I was gonna say, there’s a certain type of performative, poetry, poetic thing that we were able to see in Into The Badlands. It is opratic. This upcoming project seems very brutal. How did you prepare for it?

I prepared the same way I prepare for all my roles. First I find the character’s fears and desires and loves, and then I figure out a way to embody those characteristics—or at least understand them as deep as I can. I use different techniques each time, depending on what I’m doing and what kind of role I’m playing. But as far as that, when I get to a point, and I fail a lot. And then when I finally find the thing that flows it feels like it just connects, it just fits, you know? The energy just kind of fits like a puzzle piece and then I know I have something. Then I start to feel a lot better. As far as physicality, yeah I trained a lot. I did a lot of training with Iko Team and kind of built a character physically as well as emotionally, and then I merged those two things when I performed. Each kind of different, and this character was really fun. Like I said, it has lots of layers and as the series progresses you get to reveal more and more and more of these layers so it’s been a really interesting performance. One of my favorites. 

You have a background in plays and theater. You were coached under John Kirby. What kind of roles do you inhabit in those types of plays?

Yeah, John Kirby has been my coach for many years and we do a lot of different theater work from the classic playwrights like Tennessee Williams, Eugene O’Neil, John Patrick Shanley, Chekov, David Mamet, these types of classic playwrights. We get to explore a lot of interesting things that I wouldn’t necessarily have the chance to explore on film because you’ve got to be given these opportunities to play these parts. It’s very rare for a six-foot-two Asian-American actor like myself to be given these types of opportunities. So it was nice to be able to perform plays and to dive deep into material. As an actor you dream of doing Tennessee Williams, you dream of doing John Patrick Shanley plays, so that has helped me grow as an actor. John Kirby is a legend in the film industry, and has been around forever—him and his family and his brother, Bruno Kirby, have been around since the Godfather days. I’ve been very fortunate to have him guiding me.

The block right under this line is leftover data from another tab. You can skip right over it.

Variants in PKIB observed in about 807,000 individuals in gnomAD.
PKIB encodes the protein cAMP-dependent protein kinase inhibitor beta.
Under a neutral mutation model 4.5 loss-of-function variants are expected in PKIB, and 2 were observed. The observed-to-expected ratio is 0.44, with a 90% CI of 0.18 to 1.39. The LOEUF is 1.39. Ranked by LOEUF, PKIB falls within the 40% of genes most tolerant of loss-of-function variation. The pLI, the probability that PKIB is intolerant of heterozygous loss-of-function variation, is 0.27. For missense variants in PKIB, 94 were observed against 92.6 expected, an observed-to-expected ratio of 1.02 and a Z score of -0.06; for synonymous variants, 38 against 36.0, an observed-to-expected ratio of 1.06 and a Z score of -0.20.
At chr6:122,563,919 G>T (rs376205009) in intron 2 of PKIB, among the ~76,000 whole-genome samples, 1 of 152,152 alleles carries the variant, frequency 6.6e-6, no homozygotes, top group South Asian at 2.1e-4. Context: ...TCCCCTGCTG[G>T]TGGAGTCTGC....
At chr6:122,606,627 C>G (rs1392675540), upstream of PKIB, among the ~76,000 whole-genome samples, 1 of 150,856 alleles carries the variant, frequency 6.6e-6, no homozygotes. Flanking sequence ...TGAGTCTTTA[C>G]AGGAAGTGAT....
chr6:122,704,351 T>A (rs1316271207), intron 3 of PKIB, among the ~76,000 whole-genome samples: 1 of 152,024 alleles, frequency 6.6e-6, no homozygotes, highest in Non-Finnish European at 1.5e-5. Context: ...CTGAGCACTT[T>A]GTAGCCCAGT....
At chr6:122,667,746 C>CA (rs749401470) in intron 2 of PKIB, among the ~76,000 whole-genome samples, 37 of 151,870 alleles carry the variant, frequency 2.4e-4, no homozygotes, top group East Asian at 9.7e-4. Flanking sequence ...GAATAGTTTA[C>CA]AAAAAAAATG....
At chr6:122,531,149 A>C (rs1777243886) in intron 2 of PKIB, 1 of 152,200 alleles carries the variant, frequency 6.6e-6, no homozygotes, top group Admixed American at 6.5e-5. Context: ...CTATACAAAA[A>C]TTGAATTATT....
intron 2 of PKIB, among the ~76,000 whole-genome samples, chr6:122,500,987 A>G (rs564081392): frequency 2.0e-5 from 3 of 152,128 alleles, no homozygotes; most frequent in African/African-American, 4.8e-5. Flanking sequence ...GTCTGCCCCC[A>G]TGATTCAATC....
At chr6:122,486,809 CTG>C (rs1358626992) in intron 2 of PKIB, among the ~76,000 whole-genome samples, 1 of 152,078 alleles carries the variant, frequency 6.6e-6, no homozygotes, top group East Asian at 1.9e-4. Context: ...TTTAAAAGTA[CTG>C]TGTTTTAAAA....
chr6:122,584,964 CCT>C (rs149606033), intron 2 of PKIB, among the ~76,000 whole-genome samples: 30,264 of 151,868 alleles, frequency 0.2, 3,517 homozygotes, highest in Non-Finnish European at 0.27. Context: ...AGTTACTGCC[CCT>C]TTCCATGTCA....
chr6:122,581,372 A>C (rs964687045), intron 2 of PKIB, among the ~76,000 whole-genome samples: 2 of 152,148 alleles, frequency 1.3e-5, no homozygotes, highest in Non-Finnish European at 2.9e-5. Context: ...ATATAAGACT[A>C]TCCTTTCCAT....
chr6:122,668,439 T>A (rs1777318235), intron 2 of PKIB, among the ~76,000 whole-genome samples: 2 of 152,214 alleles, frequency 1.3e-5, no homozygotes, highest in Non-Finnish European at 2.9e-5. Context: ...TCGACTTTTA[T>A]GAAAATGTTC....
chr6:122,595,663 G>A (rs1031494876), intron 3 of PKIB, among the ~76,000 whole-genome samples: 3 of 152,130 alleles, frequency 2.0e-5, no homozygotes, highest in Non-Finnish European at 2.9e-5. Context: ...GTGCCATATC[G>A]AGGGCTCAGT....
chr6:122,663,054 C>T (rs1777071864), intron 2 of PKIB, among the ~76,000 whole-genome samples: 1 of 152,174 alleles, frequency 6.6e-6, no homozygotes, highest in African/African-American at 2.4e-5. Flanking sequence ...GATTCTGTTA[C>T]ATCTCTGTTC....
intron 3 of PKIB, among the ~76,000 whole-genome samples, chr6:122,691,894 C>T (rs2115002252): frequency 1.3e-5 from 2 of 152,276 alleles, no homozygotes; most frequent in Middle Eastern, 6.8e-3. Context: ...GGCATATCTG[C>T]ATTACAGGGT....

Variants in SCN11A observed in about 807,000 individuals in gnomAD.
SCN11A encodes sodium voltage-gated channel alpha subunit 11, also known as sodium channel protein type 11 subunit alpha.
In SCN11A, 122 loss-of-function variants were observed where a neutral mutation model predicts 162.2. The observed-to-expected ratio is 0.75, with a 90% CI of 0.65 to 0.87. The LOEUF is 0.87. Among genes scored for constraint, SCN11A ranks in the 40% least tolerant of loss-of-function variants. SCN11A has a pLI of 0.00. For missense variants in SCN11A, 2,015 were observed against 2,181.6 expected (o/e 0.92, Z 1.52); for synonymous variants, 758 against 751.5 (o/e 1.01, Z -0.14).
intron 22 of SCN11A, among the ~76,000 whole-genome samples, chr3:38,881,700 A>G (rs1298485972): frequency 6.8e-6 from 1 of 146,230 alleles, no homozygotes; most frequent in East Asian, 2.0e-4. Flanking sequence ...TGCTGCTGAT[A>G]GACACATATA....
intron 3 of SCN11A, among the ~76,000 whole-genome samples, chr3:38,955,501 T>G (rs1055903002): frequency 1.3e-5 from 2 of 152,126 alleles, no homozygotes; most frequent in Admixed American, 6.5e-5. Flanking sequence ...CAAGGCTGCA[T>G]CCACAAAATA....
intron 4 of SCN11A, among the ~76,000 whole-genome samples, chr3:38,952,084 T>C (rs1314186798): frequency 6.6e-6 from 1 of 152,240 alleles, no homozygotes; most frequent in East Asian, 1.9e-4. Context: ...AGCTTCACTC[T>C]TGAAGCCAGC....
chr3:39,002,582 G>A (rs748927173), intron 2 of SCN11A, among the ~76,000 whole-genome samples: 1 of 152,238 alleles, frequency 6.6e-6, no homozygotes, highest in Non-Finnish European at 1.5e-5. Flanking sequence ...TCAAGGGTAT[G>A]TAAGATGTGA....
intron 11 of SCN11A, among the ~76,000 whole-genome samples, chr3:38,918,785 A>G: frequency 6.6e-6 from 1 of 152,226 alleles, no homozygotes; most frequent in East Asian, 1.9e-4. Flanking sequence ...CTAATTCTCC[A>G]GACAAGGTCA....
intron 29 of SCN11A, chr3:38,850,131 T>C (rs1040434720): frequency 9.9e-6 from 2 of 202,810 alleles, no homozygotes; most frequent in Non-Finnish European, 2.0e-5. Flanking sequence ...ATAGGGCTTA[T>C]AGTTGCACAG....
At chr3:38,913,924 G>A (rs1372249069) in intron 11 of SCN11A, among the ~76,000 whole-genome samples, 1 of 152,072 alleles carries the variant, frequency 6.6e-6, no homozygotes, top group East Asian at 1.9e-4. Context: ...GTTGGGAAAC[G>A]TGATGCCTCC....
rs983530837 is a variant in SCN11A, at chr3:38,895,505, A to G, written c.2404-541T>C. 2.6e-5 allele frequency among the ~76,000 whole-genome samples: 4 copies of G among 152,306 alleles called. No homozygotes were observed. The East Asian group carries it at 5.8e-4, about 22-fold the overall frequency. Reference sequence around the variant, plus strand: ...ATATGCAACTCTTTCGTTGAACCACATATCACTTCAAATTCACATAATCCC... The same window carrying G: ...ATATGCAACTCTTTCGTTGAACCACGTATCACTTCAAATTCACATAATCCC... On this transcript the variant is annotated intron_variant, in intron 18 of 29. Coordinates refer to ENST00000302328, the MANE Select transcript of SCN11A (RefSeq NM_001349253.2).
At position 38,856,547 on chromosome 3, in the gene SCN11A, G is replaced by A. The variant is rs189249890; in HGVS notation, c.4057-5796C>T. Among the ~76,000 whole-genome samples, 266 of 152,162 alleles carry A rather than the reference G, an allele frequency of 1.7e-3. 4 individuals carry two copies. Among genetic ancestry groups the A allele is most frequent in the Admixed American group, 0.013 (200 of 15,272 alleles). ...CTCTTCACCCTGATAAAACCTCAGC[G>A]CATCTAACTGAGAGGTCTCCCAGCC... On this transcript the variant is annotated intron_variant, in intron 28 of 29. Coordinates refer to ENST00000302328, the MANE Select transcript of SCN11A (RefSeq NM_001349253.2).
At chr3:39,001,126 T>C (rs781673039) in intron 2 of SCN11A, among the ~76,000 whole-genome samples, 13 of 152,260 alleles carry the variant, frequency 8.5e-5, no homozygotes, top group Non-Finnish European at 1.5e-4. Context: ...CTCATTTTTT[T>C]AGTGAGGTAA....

It’s an interesting concept what you say, “as an Asian actor, getting these types of opportunities. Do you feel like we’re at the point where we’re finally seeing some crossover in regards to the turnover post-Crazy Rich Asians, where it’s recreating the type of identity in the American canon of the Asian figure. How do you feel like your narrative is fitting into that?

It’s definitely an exciting time. I’ve been watching it since I was a kid, watching my father play villains on films like Tango & Cash and Batman for years. I’ve been watching the progression since I was young. I’m very sensitive to it, and obviously when it became apart of my life and my career, I became more intune, more sensitive to it. It’s been nice to see the explosion of interest, and I wouldn’t even necessarily say it was Crazy Rich Asians—there was definitely a huge public turnaround as far as the community getting together and making their voice known and saying, “Hey, we’re going to support this show.” I didn’t even see the film, I bought out a theater before even watching the film. I just bought out a theater with some of the cast members of Wu Assassins just to support. The first time that this happened was with this movement and I think that social media and with everyone finally coming together speaking their voice and making it heard, it’s created opportunities for other Asian actors, for other actors of color, because from that is when can get to the real story that we can really relate to and that we really want to tell. There’s so much more than Crazy Rich Asians, there’s so much more to be told and I’m excited that we’re finding these opportunities.